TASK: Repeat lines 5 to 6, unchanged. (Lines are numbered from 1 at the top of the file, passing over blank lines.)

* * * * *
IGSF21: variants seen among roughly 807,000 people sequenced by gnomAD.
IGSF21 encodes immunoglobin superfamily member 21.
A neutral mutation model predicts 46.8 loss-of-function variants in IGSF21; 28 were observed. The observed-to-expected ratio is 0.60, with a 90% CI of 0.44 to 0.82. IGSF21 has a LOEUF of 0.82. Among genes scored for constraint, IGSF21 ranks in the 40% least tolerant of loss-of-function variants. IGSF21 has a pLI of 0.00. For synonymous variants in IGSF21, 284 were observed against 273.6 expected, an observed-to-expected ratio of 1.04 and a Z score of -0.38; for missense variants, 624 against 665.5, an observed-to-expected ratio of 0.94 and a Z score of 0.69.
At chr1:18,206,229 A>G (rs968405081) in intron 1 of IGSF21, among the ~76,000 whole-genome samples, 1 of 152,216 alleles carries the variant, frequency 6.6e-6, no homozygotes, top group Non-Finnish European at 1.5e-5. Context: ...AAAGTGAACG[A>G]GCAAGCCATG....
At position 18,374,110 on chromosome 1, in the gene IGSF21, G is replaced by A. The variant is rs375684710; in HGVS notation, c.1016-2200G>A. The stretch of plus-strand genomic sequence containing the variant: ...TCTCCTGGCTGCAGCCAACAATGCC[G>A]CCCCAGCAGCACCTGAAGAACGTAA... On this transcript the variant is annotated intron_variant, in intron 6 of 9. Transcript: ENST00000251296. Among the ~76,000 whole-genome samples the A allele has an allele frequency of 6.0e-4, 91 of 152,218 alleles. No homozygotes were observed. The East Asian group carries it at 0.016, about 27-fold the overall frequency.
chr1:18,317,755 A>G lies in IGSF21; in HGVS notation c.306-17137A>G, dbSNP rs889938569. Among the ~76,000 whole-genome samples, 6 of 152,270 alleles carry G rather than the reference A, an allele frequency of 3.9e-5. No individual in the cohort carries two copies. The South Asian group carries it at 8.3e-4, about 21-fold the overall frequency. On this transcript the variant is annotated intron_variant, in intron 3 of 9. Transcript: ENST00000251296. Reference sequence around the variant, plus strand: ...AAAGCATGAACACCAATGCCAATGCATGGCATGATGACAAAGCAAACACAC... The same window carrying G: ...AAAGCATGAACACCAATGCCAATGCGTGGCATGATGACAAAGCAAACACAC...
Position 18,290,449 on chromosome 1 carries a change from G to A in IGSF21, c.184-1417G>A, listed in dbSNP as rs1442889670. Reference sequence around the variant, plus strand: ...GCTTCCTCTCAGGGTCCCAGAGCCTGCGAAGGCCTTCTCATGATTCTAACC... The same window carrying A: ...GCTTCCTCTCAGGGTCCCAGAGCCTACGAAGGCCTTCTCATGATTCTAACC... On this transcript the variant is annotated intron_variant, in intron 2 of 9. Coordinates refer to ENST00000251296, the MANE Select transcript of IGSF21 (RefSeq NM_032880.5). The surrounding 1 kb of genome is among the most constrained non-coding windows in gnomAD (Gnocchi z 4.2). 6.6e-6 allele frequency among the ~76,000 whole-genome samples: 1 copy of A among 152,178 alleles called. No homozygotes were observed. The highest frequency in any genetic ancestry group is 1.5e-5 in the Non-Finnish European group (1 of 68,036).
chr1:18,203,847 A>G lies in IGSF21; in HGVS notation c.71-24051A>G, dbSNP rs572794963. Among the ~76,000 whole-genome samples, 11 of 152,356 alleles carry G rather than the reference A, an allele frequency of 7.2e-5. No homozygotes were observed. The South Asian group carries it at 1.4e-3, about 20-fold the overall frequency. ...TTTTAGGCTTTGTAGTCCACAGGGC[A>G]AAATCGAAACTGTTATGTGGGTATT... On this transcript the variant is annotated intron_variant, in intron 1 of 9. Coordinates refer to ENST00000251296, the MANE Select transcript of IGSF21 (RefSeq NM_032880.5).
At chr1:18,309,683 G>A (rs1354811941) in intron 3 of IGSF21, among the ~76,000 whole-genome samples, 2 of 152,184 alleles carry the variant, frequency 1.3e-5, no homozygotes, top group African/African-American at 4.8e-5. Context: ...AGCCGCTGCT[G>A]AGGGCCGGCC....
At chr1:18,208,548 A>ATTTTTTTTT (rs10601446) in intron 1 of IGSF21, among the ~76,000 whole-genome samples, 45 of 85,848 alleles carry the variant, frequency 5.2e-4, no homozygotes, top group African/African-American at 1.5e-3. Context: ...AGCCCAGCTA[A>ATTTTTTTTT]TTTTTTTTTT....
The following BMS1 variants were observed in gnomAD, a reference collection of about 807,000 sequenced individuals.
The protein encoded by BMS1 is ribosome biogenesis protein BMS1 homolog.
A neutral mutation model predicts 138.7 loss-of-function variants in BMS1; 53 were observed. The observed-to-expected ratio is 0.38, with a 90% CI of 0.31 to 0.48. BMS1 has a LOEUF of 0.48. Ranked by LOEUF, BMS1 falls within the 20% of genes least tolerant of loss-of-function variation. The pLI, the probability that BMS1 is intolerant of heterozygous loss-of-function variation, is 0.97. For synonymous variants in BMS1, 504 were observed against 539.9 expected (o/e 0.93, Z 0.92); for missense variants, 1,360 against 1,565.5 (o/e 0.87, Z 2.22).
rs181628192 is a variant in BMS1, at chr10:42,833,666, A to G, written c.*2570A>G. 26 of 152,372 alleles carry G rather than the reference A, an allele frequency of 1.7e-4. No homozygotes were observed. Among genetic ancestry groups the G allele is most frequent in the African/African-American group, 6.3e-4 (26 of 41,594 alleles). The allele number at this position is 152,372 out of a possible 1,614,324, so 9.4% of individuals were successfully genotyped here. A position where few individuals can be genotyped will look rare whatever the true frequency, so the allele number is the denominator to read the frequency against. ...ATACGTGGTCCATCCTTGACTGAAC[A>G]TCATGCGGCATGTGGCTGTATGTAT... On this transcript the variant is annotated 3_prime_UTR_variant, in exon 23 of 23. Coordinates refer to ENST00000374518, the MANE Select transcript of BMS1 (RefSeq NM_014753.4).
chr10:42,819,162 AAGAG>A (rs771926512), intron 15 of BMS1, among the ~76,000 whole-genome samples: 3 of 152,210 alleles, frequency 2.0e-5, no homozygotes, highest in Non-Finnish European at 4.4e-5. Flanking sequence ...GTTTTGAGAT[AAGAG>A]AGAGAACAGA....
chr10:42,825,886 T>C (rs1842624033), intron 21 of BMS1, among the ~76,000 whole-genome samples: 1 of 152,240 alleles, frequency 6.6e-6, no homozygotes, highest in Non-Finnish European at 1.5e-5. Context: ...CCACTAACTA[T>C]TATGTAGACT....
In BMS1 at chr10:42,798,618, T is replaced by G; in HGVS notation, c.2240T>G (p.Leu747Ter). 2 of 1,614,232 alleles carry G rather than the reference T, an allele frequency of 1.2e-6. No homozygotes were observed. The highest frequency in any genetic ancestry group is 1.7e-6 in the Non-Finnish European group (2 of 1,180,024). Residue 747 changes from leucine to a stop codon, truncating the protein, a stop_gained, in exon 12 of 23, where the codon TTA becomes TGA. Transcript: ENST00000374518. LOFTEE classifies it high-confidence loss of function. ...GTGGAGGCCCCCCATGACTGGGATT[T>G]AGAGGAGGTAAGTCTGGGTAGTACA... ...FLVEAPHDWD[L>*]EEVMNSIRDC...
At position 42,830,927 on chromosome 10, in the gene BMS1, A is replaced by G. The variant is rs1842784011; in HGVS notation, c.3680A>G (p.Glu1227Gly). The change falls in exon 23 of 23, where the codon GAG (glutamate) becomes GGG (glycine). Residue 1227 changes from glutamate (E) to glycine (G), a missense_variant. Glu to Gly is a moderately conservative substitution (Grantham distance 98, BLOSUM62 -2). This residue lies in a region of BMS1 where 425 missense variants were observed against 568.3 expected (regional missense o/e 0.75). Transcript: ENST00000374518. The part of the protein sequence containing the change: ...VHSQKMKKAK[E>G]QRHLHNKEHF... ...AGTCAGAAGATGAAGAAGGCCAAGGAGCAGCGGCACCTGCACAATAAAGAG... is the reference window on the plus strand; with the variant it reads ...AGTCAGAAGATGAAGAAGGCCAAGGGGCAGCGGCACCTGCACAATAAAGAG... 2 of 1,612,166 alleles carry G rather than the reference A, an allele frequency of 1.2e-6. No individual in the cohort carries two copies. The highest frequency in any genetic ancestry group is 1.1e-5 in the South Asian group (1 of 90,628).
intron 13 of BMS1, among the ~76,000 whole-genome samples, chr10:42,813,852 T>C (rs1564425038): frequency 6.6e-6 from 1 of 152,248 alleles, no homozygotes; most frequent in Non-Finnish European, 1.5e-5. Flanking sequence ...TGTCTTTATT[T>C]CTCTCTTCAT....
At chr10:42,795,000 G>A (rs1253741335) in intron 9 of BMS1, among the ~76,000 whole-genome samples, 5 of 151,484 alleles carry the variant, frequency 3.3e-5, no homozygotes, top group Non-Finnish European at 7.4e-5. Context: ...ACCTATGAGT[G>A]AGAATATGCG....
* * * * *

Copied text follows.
At position 18,374,110 on chromosome 1, in the gene IGSF21, G is replaced by A. The variant is rs375684710; in HGVS notation, c.1016-2200G>A. The stretch of plus-strand genomic sequence containing the variant: ...TCTCCTGGCTGCAGCCAACAATGCC[G>A]CCCCAGCAGCACCTGAAGAACGTAA... On this transcript the variant is annotated intron_variant, in intron 6 of 9. Transcript: ENST00000251296. Among the ~76,000 whole-genome samples the A allele has an allele frequency of 6.0e-4, 91 of 152,218 alleles. No homozygotes were observed. The East Asian group carries it at 0.016, about 27-fold the overall frequency.
chr1:18,317,755 A>G lies in IGSF21; in HGVS notation c.306-17137A>G, dbSNP rs889938569. Among the ~76,000 whole-genome samples, 6 of 152,270 alleles carry G rather than the reference A, an allele frequency of 3.9e-5. No individual in the cohort carries two copies. The South Asian group carries it at 8.3e-4, about 21-fold the overall frequency. On this transcript the variant is annotated intron_variant, in intron 3 of 9. Transcript: ENST00000251296. Reference sequence around the variant, plus strand: ...AAAGCATGAACACCAATGCCAATGCATGGCATGATGACAAAGCAAACACAC... The same window carrying G: ...AAAGCATGAACACCAATGCCAATGCGTGGCATGATGACAAAGCAAACACAC...